We spent Wednesday there as they began a procedure in which they lower the body temperature to halt or at least slow down the progression of the damage. Then they slowly re-warm the body and reassess the situation. They expected the worst but wanted to make sure that everything had been done to bring him back. At about six o’clock they said that tomorrow would be the earliest that they would know anything and advised that we go home for the evening. I sat in my apartment and watched Johnny Cueto close out his Royals career with a complete game win. The Royals were half way to a World Series championship. I turned off the TV, went to bed and barely slept.
Thursday, we learned that all efforts to save Gerry had been exhausted with no success and we had to decide what we wanted to do. He had no measurable brain function. His internal organs were failing. His body was beginning to shut down. Kris’ mother and Gerry’s youngest daughter joined us and we all agreed with Kris’ belief that Gerry would not want to be kept alive in this condition. He was one of the toughest men we’d ever known. To be kept alive by a machine was as far from his style as you could get. We decided that he would be coded as “Do Not Resuscitate”.
Kris asked about organ donation – Gerry’s eyes were perfect as far as we knew – and he was told that they’d do a test in the morning to determine if that was possible. Then they would disconnect the machines that were keeping him alive and whatever happened next would happen next.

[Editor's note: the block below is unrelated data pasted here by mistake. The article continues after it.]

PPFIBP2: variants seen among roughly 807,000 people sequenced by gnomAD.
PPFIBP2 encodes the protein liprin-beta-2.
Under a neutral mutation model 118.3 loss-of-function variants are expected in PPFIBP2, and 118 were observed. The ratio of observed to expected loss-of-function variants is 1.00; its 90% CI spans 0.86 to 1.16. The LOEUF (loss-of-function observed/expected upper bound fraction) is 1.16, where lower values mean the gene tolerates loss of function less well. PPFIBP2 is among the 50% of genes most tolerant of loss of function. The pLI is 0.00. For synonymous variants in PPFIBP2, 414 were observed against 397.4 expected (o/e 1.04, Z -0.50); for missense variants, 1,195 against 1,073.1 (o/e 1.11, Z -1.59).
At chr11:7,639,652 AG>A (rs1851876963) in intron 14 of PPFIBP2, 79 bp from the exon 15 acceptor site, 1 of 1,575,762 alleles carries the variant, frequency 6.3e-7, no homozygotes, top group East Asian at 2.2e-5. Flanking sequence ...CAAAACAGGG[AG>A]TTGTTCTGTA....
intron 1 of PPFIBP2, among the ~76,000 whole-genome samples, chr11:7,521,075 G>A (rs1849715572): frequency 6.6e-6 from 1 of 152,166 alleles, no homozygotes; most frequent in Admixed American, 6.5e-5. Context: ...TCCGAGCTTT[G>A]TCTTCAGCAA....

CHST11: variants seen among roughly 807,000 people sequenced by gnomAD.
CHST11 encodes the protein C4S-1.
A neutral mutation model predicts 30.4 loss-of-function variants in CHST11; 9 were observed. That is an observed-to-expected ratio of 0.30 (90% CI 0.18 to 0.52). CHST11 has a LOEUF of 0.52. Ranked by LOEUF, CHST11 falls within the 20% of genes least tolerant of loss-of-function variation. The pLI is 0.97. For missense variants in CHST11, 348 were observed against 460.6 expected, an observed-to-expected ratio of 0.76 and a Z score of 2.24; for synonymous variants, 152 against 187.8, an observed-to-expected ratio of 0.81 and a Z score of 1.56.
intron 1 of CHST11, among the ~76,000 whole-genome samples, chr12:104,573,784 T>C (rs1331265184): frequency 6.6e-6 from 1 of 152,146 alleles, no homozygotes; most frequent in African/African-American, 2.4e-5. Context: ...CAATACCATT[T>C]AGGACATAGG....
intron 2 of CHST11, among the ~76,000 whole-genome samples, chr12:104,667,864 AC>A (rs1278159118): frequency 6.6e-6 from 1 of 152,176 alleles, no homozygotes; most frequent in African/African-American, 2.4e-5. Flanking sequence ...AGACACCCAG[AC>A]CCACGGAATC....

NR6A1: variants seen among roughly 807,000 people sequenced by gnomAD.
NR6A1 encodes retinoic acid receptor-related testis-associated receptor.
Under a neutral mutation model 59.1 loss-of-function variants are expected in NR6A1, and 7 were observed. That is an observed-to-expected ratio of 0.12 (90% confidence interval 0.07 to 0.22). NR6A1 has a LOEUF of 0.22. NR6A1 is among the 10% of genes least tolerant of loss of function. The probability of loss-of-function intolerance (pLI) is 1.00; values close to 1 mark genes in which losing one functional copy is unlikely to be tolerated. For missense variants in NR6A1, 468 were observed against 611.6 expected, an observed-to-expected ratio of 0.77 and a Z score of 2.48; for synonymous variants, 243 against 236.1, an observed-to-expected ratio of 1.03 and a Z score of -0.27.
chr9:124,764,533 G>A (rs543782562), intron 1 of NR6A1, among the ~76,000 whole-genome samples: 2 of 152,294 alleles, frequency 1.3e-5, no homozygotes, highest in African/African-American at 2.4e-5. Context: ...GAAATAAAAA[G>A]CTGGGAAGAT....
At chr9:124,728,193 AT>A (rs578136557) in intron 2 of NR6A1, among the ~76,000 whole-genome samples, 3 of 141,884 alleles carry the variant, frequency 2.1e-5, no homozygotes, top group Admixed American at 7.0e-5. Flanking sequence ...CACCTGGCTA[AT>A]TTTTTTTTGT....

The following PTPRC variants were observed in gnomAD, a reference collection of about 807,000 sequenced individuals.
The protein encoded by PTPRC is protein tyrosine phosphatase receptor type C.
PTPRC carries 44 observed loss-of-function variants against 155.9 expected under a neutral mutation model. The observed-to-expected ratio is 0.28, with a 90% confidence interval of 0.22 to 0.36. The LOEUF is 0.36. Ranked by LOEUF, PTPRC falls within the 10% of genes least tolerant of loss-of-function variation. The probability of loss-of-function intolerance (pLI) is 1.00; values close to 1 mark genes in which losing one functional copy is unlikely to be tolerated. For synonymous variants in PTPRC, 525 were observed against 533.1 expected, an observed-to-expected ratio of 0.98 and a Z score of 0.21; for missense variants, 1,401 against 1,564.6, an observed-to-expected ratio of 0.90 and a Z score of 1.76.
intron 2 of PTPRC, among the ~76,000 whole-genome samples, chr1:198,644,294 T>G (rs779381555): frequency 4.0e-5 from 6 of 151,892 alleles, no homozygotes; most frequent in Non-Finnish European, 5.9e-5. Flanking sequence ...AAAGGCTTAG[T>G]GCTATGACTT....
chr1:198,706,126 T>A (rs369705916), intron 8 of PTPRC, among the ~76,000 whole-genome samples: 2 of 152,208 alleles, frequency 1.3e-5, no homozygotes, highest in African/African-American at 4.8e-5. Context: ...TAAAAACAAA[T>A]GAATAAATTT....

Friday morning, we learned that organ donation was not possible. They disconnected the machines at 10:00 and at 10:10 Gerry Lee Seaboldt was gone. That night, I went out with my friends, Matt and Liz, their daughter, Amanda, and her boyfriend, Jake, to watch Game Three.
I wanted to be with friends and, just as importantly, I wanted to do anything that I could to think about anything but what had happened the previous four days. It helped, even though my brothers, the one I lost and the one I still had, were never out of my mind. By an unbelievable and tragic coincidence, Jake’s father had been and still was in the adjoining ICU after suffering a stroke. Amanda, Jake and Jake’s mother, Diane, all asked to see Gerry. Jake and his mother held his hand and talked to him. It was amazing. In turn, I went down the hall and met Bob for the first time.
Two days after Gerry died, the Royals won it all and they did so in typically dramatic fashion. I watched the game at my apartment with my long time friends, Gary Barnes and Ken Haagensen, the same pair that had accompanied me for Game 7 against the Cardinals in 1985 and Game 7 against the Giants in 2014. For the first time in 30 years, the Royals were World Champions. My phone started lighting up with texts. In years past, one of the first would have been from Gerry. But not that night.
The 2015 World Series will live on forever in the hearts and minds of every Royals fan who saw it. It will live on forever in mine as well. But it will always be just a part of a much larger story.
by Kurtis Seaboldt
Not long after the Cleveland Indians ended the season of the Boston Red Sox with their ALDS sweep, someone on Twitter asked me who I thought was the best postseason hitter in baseball history. The question was clearly inspired by the final game in the amazing career of Boston’s David Ortiz, perhaps the most famous October hero.
I looked at some numbers before saying that I would give it to Ortiz but the brief exercise got me thinking about an all-time postseason team. So, here it is.